Many women avoid strength training because they’re afraid it will give them massive, Schwarzenegger-sized muscles. But while strength training can initially increase your overall weight (muscle is heavier than fat), it certainly won’t cause you to look bulky, and will make women look smaller, firmer and toned.
Women simply do not have enough testosterone, a key hormone that allow for increased muscle mass. In fact, women have ten to thirty times less of the essential hormones than their male counterparts. Unlike most men, women who seek to gain muscle mass certainly do not have an easy time accomplishing this goal. Most female strength athletes with large muscular physiques are only able to achieve this from an extremely vigorous and specialised workout plan over a long period of time and are often taking muscle-building drugs, such as anabolic steroids or growth hormones. Weight training alone will not build large muscles in most women, and the ordinary exercisers definitely won’t get anywhere close to being able to.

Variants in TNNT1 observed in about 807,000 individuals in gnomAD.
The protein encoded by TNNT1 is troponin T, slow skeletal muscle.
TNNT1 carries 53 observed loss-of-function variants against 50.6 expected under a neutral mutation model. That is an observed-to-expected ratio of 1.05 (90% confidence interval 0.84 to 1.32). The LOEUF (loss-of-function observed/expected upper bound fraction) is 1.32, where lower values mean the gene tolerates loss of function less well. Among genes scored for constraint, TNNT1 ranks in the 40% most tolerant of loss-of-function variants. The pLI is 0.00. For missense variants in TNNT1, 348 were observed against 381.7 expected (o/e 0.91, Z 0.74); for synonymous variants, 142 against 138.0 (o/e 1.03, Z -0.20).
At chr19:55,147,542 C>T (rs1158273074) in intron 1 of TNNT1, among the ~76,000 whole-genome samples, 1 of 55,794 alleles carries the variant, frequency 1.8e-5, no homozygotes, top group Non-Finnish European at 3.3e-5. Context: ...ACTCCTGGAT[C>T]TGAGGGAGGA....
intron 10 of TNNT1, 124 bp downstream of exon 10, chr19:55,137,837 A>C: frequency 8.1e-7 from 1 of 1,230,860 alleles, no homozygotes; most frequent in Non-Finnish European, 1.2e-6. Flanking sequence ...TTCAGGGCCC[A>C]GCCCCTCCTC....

As your lean muscle increases, so does your resting metabolism, and you burn more calories all day long. Generally speaking, for each 1-2kg of muscle you gain, you burn 70 to 100 more calories each day, which translates into 3000 additional calories per month which would ultimately result in a weight loss of 4.5-5kg in a single year doing nothing more than increasing your muscle mass by 1-2kg.
Some more reasons why every woman should add strength training to her workout regimen:
• To preserve bone mass and decrease the risk of osteoporosis
• To reduce blood pressure
• To improve your athletic performance
• To create strong tendons and ligaments
• To lower the risk factors for various diseases
• To reduce your risk of injury, back pain and arthritis
• To boost resting metabolism (the amount of calories your body burns when it’s not doing anything), and fight the creeping weight gain of advancing age
Although the average woman won’t lift the same load as the average man, all the general strength training principles apply equally to both sexes. That means that to get the benefits of strength training, you need to do it often enough (two or three times a week), and with the right weights (keeping the weights heavier enough that you can only perform between six to twelve repetitions per set).
So, should YOU Strength Train? If you want to lose weight, burn more fat, look and feel stronger and have stronger bones, then ABSOLUTELY!